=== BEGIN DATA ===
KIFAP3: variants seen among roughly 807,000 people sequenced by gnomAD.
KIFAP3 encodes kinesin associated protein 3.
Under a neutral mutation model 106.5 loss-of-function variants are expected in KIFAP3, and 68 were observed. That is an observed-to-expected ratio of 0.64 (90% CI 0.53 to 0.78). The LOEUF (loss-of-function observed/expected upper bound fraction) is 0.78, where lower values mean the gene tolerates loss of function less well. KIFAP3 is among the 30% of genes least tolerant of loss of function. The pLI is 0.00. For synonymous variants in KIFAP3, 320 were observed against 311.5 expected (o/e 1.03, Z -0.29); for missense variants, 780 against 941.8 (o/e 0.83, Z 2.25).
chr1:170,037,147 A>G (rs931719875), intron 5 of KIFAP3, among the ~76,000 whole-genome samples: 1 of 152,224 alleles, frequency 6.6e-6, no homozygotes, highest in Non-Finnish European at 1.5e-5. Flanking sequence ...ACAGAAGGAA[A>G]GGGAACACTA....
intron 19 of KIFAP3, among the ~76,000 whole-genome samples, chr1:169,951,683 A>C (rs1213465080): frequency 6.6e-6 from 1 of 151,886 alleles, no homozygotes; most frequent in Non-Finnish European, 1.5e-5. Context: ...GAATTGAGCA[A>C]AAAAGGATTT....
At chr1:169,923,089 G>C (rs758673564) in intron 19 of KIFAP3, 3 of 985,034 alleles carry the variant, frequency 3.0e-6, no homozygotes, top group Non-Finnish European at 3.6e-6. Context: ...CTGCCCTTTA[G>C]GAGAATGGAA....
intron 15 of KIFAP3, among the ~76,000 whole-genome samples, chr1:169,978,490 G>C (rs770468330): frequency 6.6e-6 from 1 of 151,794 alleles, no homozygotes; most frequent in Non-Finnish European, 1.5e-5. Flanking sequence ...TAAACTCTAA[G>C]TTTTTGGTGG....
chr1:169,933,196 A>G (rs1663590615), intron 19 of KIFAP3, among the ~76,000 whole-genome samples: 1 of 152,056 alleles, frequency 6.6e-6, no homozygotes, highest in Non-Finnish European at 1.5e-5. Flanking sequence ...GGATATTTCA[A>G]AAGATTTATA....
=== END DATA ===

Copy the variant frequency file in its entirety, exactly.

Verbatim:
KIFAP3: variants seen among roughly 807,000 people sequenced by gnomAD.
KIFAP3 encodes kinesin associated protein 3.
Under a neutral mutation model 106.5 loss-of-function variants are expected in KIFAP3, and 68 were observed. That is an observed-to-expected ratio of 0.64 (90% CI 0.53 to 0.78). The LOEUF (loss-of-function observed/expected upper bound fraction) is 0.78, where lower values mean the gene tolerates loss of function less well. KIFAP3 is among the 30% of genes least tolerant of loss of function. The pLI is 0.00. For synonymous variants in KIFAP3, 320 were observed against 311.5 expected (o/e 1.03, Z -0.29); for missense variants, 780 against 941.8 (o/e 0.83, Z 2.25).
chr1:170,037,147 A>G (rs931719875), intron 5 of KIFAP3, among the ~76,000 whole-genome samples: 1 of 152,224 alleles, frequency 6.6e-6, no homozygotes, highest in Non-Finnish European at 1.5e-5. Flanking sequence ...ACAGAAGGAA[A>G]GGGAACACTA....
intron 19 of KIFAP3, among the ~76,000 whole-genome samples, chr1:169,951,683 A>C (rs1213465080): frequency 6.6e-6 from 1 of 151,886 alleles, no homozygotes; most frequent in Non-Finnish European, 1.5e-5. Context: ...GAATTGAGCA[A>C]AAAAGGATTT....
At chr1:169,923,089 G>C (rs758673564) in intron 19 of KIFAP3, 3 of 985,034 alleles carry the variant, frequency 3.0e-6, no homozygotes, top group Non-Finnish European at 3.6e-6. Context: ...CTGCCCTTTA[G>C]GAGAATGGAA....
intron 15 of KIFAP3, among the ~76,000 whole-genome samples, chr1:169,978,490 G>C (rs770468330): frequency 6.6e-6 from 1 of 151,794 alleles, no homozygotes; most frequent in Non-Finnish European, 1.5e-5. Flanking sequence ...TAAACTCTAA[G>C]TTTTTGGTGG....
chr1:169,933,196 A>G (rs1663590615), intron 19 of KIFAP3, among the ~76,000 whole-genome samples: 1 of 152,056 alleles, frequency 6.6e-6, no homozygotes, highest in Non-Finnish European at 1.5e-5. Flanking sequence ...GGATATTTCA[A>G]AAGATTTATA....